With a smaller user base and no 2G networks to maintain, it makes sense that Three has started to implement newer technologies and services to make them the first UK operator to offer VoLTE. Timing is everything as consumers are reluctant to sign a lengthy contract with an operator that doesn’t have the same levels of voice quality and cutting edge innovations as their competitors. This is borne out by the testing undertaken around the UK which shows that Three has lagged behind the other major network operators. By updating their network and offering VoLTE based on a 800 MHz spectrum, Three now has the means to attract new customers, as well as keep existing customers by showing that with the right handset their voice quality and coverage can be significantly increased. The move also incentivises Three to continue to invest in, expand, and improve their 4G network because it now offers its users a broader range of services which will should increase their user base and subsequently increase the amount of traffic their 4G spectrum has to deal with.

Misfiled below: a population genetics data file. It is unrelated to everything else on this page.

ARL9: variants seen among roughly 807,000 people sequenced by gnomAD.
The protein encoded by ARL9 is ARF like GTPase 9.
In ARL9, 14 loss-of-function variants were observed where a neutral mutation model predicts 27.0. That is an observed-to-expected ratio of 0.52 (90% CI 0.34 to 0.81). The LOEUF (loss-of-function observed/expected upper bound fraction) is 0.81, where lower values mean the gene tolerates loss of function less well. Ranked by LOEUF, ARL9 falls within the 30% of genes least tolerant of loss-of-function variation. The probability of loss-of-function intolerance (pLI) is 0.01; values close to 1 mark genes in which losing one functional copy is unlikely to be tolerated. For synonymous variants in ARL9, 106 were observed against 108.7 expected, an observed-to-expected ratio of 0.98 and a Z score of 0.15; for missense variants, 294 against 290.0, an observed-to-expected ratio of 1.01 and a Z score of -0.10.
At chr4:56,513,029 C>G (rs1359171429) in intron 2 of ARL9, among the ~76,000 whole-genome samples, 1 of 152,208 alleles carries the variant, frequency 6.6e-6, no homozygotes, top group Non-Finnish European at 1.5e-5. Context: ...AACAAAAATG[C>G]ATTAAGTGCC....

Moving beyond legacy 2G networks

For the larger operators, the introduction of Wi-Fi calling offers similar benefits in terms of customer attraction and retention. Consumer research undertaken earlier this year to get an idea of what consumers want and expect from their network operators; found that a major reason consumers switched networks was poor performance. In fact, a survey found that 1 in 4 UK adults felt that mobile data connectivity issues had ‘definitely contributed’ to their decision to switch operators in the past – whilst more than 1 in 7 respondents had changed their mobile service provider because of mobile voice signal blackspots in their homes.